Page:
Glorious still life props: review on Still Life Photography
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"From today painting is dead" French painter Paul Delaroche would have said when he saw the first daguerreotype. Well, he was too pessimistic. Painters never ceased to paint, but changed their style, acquired another way of seeing the world around them.
They turned away from that old tradition of representing the visible world so true to nature that you that you would like to pick a peach painted on the canvas to eat it. That fidelity is now left to the photographers who do it with gusto, whether it be portraits, landscapes or - and that's what counts in this review - still lifes
In French they call still lifes "nature morte", in Spanish "naturaleza muerta", in Italian it is "natura morta" - dead nature. The German equivalent is almost the same as the English: "Stillleben" - the Scandinavians use "stilleben" - and the Dutch first used the word "stilstaand leven" (stagnant life), but later on they switched to "stilleven". Anyway, whether you use the Roman variants of still life or the Germanic, everyone knows what you're talking.
This definition excludes all still lifes that were made since halfway the 19th century - think of painters like Paul Cezanne, Vincent van Gogh and Giorgio Morandi or photographers like Rinko Kawanchi , Ori Gersht and Laura Letinsky .
I feel much more at home with the definition in Yvette Depaepe's compilation of the wonderful work of 1X still life photographers. I also very much like Francis Woodly's two definitions.
But you can expand the idea even further. Jackie Higgins does so in her book "Why it does not have to be in focus". In addition to traditional subjects such as flowers, food and nature morte, she also sees nudes and empty interiors as parts of the still life genre. I think even street still lifes may be counted in!
1. The classical approach
1. The classical approach
While Juan Luis Saco's photograph - Girasoles en la cocina / Sunflowers in the kitchen - is subdued and quiet, it is one and all baroque bustle on "Love Caravaggio" by Mystic Light.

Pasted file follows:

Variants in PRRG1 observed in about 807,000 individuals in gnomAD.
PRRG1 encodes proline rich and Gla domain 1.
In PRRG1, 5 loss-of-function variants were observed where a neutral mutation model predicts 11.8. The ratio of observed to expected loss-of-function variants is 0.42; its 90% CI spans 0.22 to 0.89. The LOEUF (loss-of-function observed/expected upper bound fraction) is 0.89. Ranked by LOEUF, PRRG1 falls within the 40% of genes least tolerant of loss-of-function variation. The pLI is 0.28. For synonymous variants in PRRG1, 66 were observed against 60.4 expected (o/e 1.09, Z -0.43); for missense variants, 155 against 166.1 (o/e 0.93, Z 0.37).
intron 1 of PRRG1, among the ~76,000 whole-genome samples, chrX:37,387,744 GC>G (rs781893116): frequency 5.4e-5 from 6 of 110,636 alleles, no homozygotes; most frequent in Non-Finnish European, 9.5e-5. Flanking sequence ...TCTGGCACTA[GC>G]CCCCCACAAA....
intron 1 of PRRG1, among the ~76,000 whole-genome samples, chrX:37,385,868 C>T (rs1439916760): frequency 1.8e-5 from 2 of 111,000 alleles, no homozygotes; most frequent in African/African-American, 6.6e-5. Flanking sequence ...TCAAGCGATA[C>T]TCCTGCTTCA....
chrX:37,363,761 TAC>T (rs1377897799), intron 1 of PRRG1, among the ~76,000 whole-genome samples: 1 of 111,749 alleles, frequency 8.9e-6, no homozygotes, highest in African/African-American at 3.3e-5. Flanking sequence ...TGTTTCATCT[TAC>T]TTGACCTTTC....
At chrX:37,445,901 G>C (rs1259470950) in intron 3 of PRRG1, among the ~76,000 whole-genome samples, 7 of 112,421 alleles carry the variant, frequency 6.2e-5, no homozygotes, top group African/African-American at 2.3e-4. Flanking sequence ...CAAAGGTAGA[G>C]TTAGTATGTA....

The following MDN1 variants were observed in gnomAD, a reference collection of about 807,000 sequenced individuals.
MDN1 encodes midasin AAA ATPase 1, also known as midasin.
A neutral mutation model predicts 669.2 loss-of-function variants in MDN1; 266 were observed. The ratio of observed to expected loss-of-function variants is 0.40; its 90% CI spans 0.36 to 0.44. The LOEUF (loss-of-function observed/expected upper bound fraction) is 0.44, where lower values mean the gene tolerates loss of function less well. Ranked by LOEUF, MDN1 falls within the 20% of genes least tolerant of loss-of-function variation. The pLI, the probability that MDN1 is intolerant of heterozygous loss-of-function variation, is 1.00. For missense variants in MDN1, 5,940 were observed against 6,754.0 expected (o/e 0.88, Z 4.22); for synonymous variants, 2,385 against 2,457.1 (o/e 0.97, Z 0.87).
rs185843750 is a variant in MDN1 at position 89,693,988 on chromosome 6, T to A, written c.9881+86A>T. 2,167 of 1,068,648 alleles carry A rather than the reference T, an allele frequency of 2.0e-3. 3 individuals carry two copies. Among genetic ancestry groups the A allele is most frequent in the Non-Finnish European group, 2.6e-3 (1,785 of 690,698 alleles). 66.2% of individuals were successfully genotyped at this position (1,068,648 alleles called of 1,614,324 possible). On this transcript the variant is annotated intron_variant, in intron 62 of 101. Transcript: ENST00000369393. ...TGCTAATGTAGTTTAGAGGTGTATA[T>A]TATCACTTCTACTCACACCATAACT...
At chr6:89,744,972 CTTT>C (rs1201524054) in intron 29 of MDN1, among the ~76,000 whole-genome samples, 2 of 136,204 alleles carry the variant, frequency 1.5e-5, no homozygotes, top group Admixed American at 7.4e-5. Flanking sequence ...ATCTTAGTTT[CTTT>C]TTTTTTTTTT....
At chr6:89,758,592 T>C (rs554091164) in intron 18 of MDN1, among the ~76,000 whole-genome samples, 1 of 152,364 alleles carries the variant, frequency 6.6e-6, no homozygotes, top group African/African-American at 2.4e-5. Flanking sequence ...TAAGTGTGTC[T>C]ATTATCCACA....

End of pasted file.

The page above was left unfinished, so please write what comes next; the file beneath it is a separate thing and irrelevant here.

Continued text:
The kitchen seems to be in deep sleep. Together with the knife the ingredients for the next meal are peacefully waiting on the arrival of the cook. For a moment they are at centre of the stage - something which is characteristic for a still life, giving attention to everyday things like a beef tomato, a knife, a bowl with potatoes and onions, a flask of olive oil and flowers in a vase.
The light caresses the attributes on the table, which makes them so real and touchable, that I would like to grab that tomato and keep my hands. It reminds me of atmosphere of "Basket of Fruit" , an early work of the Italian painter Caravaggio, which is just like the photo of Juan characterized by modesty and restrained use of colour. There is yet none of the pronounced use of light and dark - the chiaroscuro, which was to become typical of Caravaggio's work and had the major impact on among others the Dutch painters from the time of Rembrandt. And it certainly inspired Mystic Light for his still life "Love Caravaggio".
Like many Dutch masters Mystic Light shows a table overflowed with fruit, vegetables, mushrooms and nuts. It could be he got his inspiration from a still life by Jan Davidszoon de Heem, who worked mostly in Antwerp (Belgium). In several ways Mystic Light's photograph resembles the painting.
Between brackets, there is nothing wrong with that. The American photographer Sharon Core for example meticulously restaged still lifes on canvas in her studio and photographs it. The result is so lifelike that you can hardly see the difference between photo and painting.
Back to Mystic Lights photograph and De Heems painting. Both have a dark background and the spotlight is on the fruits and the other food in all its lustre. Also the composition is quite similar. It is as if there is an imaginary line is drawn from the lower left corner to the upper right corner, and along which all the vegetables and fruit have been piled up. It gives the image a baroque liveliness which is also the characteristic of many flower still lifes by Flemish, French and Dutch masters from the 17th and 18th century.
What struck me, however, was that only a few images made me smile. They are all so serious! Happily I could find some humorous still lifes. "Simply ... Spring" is an example, just as "Fish and violin" and "Misery".
4. Food and drink
Geometry is the key of Morandi's work and Christophe's. They are moreover characterized by their deceptive simplicity, stillness and contemplative atmosphere. Christophe's image has however an austerity that is lacking in Morandi's still lifes.
5. Black and white
6. The contemporary still life
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